The bountiful barter
Honey, eggs, fish, clothes, books, herbal medicine, fruit, seeds, a bike, a greenhouse, labour, a full gas bottle, a stove, bread, furniture; these are some of the things that we have obtained via bartering so far. Sometimes it's a one-off deal, but we've got a few regular exchanges set up, like a veg box for herbal remedies or salad bags for eggs and bread for courgettes.
You don't know how great this sort of trading feels until you're doing it and then it can get quite addictive. I always feel that I'm getting a better deal, as I'm giving something I've got in abundance for other things that I haven't got, but that I really want. Like a bag of freshly picked salad leaves in exchange for some eggs, laid by the ducks of a friend. Or a jumper that became a real favourite, which I picked up at a clothes swap.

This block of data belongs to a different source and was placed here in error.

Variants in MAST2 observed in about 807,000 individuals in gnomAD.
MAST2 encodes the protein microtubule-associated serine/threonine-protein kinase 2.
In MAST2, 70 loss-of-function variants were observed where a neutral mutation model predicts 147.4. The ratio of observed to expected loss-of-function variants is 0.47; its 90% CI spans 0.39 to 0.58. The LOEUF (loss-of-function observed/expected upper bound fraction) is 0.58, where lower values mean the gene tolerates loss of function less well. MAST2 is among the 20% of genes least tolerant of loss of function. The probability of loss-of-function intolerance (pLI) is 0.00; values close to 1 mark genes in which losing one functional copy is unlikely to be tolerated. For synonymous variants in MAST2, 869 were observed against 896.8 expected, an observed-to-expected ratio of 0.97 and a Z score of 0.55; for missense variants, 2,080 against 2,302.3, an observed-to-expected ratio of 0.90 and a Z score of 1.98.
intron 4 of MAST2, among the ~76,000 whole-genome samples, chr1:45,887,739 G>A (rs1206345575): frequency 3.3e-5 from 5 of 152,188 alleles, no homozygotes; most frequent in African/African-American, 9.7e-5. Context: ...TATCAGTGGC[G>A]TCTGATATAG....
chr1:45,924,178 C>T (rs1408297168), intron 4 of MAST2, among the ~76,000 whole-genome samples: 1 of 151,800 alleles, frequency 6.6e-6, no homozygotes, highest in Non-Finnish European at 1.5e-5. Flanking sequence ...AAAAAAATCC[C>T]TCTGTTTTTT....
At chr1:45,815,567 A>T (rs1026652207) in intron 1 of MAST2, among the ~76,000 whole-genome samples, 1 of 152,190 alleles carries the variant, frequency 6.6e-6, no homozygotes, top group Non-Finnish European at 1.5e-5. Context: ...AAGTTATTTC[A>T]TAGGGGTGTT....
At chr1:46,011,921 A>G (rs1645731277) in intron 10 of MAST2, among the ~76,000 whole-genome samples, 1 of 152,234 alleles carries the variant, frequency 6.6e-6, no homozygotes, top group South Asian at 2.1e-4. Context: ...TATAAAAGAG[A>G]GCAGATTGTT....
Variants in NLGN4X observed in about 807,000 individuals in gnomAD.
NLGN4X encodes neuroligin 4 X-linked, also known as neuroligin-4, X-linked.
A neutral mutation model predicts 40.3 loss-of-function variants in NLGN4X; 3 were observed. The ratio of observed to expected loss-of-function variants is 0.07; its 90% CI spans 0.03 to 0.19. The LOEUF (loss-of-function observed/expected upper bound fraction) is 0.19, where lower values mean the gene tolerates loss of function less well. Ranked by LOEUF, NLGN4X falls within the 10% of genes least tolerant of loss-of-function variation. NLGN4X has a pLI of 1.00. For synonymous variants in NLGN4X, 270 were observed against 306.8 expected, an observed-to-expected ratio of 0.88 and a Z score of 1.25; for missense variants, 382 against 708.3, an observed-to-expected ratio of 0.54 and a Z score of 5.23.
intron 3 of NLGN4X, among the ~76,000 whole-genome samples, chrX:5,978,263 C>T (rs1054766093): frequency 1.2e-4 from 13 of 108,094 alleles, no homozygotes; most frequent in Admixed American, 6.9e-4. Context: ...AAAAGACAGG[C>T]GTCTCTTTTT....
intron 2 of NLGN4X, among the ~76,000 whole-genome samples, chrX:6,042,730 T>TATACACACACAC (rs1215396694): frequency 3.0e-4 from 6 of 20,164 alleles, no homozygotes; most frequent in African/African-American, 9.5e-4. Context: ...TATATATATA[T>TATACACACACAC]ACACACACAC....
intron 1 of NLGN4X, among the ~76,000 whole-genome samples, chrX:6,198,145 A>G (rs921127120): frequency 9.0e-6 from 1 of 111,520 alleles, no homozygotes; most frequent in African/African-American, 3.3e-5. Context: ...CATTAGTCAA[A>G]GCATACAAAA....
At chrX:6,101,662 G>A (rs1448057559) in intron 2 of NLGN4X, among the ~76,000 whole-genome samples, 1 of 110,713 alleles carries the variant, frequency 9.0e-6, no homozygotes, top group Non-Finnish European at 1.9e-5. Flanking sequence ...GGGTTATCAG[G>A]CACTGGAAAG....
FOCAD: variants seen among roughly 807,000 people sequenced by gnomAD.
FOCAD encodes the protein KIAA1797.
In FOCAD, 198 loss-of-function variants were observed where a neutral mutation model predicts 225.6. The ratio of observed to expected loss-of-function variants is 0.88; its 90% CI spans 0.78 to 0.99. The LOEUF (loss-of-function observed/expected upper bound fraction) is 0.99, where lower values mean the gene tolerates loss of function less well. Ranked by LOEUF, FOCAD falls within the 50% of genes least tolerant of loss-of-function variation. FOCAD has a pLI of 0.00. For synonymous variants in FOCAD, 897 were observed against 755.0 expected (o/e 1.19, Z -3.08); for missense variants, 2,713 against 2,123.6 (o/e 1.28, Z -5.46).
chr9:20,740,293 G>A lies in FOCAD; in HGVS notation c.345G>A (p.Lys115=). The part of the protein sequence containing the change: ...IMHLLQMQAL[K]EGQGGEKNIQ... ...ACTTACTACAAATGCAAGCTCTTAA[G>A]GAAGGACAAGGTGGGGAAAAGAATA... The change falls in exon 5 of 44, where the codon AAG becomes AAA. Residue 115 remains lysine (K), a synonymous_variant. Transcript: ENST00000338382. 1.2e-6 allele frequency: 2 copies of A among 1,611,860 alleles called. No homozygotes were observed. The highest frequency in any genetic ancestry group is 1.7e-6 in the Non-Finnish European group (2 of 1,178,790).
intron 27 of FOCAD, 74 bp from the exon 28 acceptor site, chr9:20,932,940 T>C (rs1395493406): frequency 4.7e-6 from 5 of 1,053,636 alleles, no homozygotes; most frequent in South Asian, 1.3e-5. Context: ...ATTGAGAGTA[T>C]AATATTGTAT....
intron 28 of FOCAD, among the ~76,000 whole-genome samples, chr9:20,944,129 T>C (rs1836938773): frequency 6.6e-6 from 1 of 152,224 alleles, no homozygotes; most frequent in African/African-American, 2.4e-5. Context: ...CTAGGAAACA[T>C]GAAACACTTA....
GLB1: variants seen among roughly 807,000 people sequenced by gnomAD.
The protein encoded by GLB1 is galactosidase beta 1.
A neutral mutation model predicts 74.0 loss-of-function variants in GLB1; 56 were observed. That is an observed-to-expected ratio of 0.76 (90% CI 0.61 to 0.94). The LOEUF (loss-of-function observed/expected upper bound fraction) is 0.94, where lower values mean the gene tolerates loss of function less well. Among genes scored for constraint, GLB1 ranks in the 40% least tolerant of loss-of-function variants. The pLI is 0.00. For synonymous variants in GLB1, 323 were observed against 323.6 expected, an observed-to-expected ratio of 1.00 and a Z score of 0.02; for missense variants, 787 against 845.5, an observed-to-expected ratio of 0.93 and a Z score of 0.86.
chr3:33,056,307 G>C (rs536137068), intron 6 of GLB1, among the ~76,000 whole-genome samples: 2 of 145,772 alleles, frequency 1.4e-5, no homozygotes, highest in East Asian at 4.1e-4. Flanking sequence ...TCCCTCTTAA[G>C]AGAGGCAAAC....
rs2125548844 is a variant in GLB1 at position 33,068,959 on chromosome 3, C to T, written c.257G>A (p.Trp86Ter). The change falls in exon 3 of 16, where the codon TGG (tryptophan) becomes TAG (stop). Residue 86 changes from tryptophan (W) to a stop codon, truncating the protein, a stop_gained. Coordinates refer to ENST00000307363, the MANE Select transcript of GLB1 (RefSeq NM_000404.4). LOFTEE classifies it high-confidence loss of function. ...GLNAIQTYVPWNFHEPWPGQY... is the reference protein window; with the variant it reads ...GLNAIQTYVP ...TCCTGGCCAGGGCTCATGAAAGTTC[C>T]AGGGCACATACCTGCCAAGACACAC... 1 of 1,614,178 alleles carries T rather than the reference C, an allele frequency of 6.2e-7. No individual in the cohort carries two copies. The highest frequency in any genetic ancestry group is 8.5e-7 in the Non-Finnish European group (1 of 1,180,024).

There is something energetic, alive, about bartering that makes the old cash payment feel quite dead. As soon as national sovereign economies start going seriously retrograde, the "unofficial economies" start to florish, remember the USSR, Argentina and now Greece and Portugal? But there's yet another reason why I like this type of trade: it feels deliciously subversive in a world where the state exacts the most taxes from the poorest people, where politicians fiddle their expenses, the super rich off shore their wealth to avoid paying their dues and some Tory billionaire has the gall to attack single parents on benefits, claiming they are stuck in a culture of entitlement while another states that paying tradesmen cash in hand is immoral!?
Each time I swap some veg for some bread or plums, some labour for something we need, it makes me smile, because it empowers me, it strenghtens my community and it creates resilience (and it's rebellious, yeay!)